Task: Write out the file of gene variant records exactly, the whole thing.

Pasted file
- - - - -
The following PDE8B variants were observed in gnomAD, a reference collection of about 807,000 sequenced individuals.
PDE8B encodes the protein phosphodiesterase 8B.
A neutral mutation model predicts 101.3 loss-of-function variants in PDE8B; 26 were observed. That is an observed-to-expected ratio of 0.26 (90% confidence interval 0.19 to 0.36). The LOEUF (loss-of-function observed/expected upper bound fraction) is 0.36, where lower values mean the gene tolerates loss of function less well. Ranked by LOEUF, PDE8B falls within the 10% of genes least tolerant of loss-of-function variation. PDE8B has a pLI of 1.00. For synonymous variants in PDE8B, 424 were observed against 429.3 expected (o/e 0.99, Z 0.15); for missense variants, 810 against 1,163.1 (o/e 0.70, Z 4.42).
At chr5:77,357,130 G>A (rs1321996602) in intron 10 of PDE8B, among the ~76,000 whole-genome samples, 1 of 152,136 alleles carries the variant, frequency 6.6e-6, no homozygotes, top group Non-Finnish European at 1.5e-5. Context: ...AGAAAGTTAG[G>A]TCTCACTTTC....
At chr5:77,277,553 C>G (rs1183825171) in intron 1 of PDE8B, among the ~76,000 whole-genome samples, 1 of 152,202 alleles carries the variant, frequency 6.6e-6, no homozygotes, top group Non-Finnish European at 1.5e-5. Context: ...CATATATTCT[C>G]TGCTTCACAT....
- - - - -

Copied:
The following PDE8B variants were observed in gnomAD, a reference collection of about 807,000 sequenced individuals.
PDE8B encodes the protein phosphodiesterase 8B.
A neutral mutation model predicts 101.3 loss-of-function variants in PDE8B; 26 were observed. That is an observed-to-expected ratio of 0.26 (90% confidence interval 0.19 to 0.36). The LOEUF (loss-of-function observed/expected upper bound fraction) is 0.36, where lower values mean the gene tolerates loss of function less well. Ranked by LOEUF, PDE8B falls within the 10% of genes least tolerant of loss-of-function variation. PDE8B has a pLI of 1.00. For synonymous variants in PDE8B, 424 were observed against 429.3 expected (o/e 0.99, Z 0.15); for missense variants, 810 against 1,163.1 (o/e 0.70, Z 4.42).
At chr5:77,357,130 G>A (rs1321996602) in intron 10 of PDE8B, among the ~76,000 whole-genome samples, 1 of 152,136 alleles carries the variant, frequency 6.6e-6, no homozygotes, top group Non-Finnish European at 1.5e-5. Context: ...AGAAAGTTAG[G>A]TCTCACTTTC....
At chr5:77,277,553 C>G (rs1183825171) in intron 1 of PDE8B, among the ~76,000 whole-genome samples, 1 of 152,202 alleles carries the variant, frequency 6.6e-6, no homozygotes, top group Non-Finnish European at 1.5e-5. Context: ...CATATATTCT[C>G]TGCTTCACAT....